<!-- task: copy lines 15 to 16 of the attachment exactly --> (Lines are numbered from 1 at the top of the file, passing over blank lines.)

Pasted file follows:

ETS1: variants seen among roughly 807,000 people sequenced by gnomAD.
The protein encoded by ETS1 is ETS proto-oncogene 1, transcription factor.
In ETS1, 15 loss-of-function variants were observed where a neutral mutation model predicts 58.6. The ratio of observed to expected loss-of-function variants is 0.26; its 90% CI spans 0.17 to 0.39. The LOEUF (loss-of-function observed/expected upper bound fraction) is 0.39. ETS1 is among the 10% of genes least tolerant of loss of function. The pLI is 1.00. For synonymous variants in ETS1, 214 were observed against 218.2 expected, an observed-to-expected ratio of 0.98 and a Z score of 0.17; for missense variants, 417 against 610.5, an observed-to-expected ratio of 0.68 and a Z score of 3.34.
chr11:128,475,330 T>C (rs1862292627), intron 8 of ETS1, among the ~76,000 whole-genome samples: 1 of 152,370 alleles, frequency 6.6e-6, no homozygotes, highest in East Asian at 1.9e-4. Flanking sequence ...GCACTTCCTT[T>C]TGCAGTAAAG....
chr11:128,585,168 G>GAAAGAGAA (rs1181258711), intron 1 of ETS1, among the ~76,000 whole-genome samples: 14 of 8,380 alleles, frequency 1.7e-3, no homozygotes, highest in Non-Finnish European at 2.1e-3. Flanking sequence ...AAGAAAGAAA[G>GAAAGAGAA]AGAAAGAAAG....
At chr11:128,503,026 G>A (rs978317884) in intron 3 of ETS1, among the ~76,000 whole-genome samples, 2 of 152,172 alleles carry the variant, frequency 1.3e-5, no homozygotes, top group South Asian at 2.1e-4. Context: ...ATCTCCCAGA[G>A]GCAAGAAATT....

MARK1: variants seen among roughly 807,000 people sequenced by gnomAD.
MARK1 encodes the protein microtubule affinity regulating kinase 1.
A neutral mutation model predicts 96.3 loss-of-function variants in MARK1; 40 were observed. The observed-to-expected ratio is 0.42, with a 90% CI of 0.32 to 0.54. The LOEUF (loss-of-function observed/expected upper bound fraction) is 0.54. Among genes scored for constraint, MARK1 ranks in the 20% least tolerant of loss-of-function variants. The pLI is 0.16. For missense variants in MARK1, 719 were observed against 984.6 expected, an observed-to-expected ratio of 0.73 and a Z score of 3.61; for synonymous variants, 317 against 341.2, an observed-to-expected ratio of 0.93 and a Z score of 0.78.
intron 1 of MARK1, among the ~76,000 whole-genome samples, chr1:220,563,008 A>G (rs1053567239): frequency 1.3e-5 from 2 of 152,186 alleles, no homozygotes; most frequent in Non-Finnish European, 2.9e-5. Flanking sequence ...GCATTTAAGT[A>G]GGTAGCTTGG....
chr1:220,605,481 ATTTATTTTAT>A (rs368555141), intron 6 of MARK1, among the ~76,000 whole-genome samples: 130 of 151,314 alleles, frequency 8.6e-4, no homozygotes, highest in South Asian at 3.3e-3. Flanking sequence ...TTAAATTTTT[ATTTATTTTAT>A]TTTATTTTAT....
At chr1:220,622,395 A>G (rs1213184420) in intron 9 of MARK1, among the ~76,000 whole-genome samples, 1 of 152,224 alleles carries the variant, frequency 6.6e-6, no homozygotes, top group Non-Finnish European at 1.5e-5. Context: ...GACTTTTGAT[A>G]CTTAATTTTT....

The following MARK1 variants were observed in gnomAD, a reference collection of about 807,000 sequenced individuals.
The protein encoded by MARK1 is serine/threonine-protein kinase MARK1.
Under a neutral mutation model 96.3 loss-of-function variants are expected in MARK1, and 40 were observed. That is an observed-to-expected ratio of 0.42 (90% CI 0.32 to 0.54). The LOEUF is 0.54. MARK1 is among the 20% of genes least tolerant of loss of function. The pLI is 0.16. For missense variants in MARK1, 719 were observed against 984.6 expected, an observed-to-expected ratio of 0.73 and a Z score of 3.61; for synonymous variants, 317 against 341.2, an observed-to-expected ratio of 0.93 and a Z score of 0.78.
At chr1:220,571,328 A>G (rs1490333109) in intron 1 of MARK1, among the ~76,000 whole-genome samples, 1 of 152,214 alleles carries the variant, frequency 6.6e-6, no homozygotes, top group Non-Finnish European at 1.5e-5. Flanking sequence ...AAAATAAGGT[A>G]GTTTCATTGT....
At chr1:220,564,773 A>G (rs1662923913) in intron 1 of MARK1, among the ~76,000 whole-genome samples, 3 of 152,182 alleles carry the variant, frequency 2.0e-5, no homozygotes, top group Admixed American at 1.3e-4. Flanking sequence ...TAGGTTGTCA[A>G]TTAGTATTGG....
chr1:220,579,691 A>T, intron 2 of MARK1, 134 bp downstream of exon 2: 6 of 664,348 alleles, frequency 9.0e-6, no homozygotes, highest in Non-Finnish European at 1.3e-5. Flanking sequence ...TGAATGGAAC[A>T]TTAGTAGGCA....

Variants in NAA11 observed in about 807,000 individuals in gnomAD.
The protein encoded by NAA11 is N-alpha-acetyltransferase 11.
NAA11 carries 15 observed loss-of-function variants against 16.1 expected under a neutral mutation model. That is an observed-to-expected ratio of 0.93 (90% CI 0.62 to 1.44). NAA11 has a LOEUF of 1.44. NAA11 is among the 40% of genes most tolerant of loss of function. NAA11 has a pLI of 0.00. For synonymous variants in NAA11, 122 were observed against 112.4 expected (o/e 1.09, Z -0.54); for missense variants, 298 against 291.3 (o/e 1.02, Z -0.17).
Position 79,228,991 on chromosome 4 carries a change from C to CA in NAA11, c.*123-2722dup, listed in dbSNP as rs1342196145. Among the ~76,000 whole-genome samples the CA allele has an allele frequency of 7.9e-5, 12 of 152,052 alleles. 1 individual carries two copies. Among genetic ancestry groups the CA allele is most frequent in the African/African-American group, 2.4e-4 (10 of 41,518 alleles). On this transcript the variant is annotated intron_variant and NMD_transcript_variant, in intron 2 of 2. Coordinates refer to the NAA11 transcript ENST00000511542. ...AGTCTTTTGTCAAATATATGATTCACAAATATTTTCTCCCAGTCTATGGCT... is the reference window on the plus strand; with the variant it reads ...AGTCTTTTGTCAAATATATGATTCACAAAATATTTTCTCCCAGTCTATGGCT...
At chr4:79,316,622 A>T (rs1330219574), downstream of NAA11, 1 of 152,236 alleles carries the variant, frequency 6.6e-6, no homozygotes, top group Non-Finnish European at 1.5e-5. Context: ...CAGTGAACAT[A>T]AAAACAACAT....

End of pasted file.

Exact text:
Under a neutral mutation model 96.3 loss-of-function variants are expected in MARK1, and 40 were observed. That is an observed-to-expected ratio of 0.42 (90% CI 0.32 to 0.54). The LOEUF is 0.54. MARK1 is among the 20% of genes least tolerant of loss of function. The pLI is 0.16. For missense variants in MARK1, 719 were observed against 984.6 expected, an observed-to-expected ratio of 0.73 and a Z score of 3.61; for synonymous variants, 317 against 341.2, an observed-to-expected ratio of 0.93 and a Z score of 0.78.
At chr1:220,571,328 A>G (rs1490333109) in intron 1 of MARK1, among the ~76,000 whole-genome samples, 1 of 152,214 alleles carries the variant, frequency 6.6e-6, no homozygotes, top group Non-Finnish European at 1.5e-5. Flanking sequence ...AAAATAAGGT[A>G]GTTTCATTGT....